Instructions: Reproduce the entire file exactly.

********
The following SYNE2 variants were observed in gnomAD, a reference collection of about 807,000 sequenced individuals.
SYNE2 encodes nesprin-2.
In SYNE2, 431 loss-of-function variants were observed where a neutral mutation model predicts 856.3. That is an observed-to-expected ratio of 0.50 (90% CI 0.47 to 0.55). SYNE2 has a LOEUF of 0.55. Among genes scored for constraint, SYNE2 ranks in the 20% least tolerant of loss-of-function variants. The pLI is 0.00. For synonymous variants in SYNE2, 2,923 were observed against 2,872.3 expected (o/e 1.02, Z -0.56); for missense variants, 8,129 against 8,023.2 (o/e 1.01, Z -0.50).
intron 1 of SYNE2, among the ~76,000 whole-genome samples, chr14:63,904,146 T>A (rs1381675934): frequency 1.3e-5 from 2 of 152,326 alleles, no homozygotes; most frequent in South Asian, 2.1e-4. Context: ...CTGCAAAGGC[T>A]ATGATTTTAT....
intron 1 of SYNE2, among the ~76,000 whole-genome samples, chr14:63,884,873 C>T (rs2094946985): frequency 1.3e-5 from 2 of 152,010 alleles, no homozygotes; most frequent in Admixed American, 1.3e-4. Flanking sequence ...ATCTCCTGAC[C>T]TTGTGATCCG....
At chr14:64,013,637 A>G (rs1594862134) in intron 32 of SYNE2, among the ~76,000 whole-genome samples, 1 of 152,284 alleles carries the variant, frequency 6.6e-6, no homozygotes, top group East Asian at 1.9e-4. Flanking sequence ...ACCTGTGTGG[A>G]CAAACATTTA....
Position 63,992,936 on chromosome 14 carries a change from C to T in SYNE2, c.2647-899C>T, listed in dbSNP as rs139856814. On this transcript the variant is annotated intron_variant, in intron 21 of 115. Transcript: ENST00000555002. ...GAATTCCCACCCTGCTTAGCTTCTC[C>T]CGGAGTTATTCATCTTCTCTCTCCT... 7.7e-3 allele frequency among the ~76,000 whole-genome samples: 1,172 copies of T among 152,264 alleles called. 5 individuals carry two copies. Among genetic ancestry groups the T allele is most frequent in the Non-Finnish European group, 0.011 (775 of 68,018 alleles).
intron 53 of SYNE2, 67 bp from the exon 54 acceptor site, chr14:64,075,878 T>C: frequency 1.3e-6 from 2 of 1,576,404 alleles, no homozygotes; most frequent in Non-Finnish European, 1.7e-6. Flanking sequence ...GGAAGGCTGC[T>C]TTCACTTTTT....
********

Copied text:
The following SYNE2 variants were observed in gnomAD, a reference collection of about 807,000 sequenced individuals.
SYNE2 encodes nesprin-2.
In SYNE2, 431 loss-of-function variants were observed where a neutral mutation model predicts 856.3. That is an observed-to-expected ratio of 0.50 (90% CI 0.47 to 0.55). SYNE2 has a LOEUF of 0.55. Among genes scored for constraint, SYNE2 ranks in the 20% least tolerant of loss-of-function variants. The pLI is 0.00. For synonymous variants in SYNE2, 2,923 were observed against 2,872.3 expected (o/e 1.02, Z -0.56); for missense variants, 8,129 against 8,023.2 (o/e 1.01, Z -0.50).
intron 1 of SYNE2, among the ~76,000 whole-genome samples, chr14:63,904,146 T>A (rs1381675934): frequency 1.3e-5 from 2 of 152,326 alleles, no homozygotes; most frequent in South Asian, 2.1e-4. Context: ...CTGCAAAGGC[T>A]ATGATTTTAT....
intron 1 of SYNE2, among the ~76,000 whole-genome samples, chr14:63,884,873 C>T (rs2094946985): frequency 1.3e-5 from 2 of 152,010 alleles, no homozygotes; most frequent in Admixed American, 1.3e-4. Flanking sequence ...ATCTCCTGAC[C>T]TTGTGATCCG....
At chr14:64,013,637 A>G (rs1594862134) in intron 32 of SYNE2, among the ~76,000 whole-genome samples, 1 of 152,284 alleles carries the variant, frequency 6.6e-6, no homozygotes, top group East Asian at 1.9e-4. Flanking sequence ...ACCTGTGTGG[A>G]CAAACATTTA....
Position 63,992,936 on chromosome 14 carries a change from C to T in SYNE2, c.2647-899C>T, listed in dbSNP as rs139856814. On this transcript the variant is annotated intron_variant, in intron 21 of 115. Transcript: ENST00000555002. ...GAATTCCCACCCTGCTTAGCTTCTC[C>T]CGGAGTTATTCATCTTCTCTCTCCT... 7.7e-3 allele frequency among the ~76,000 whole-genome samples: 1,172 copies of T among 152,264 alleles called. 5 individuals carry two copies. Among genetic ancestry groups the T allele is most frequent in the Non-Finnish European group, 0.011 (775 of 68,018 alleles).
intron 53 of SYNE2, 67 bp from the exon 54 acceptor site, chr14:64,075,878 T>C: frequency 1.3e-6 from 2 of 1,576,404 alleles, no homozygotes; most frequent in Non-Finnish European, 1.7e-6. Flanking sequence ...GGAAGGCTGC[T>C]TTCACTTTTT....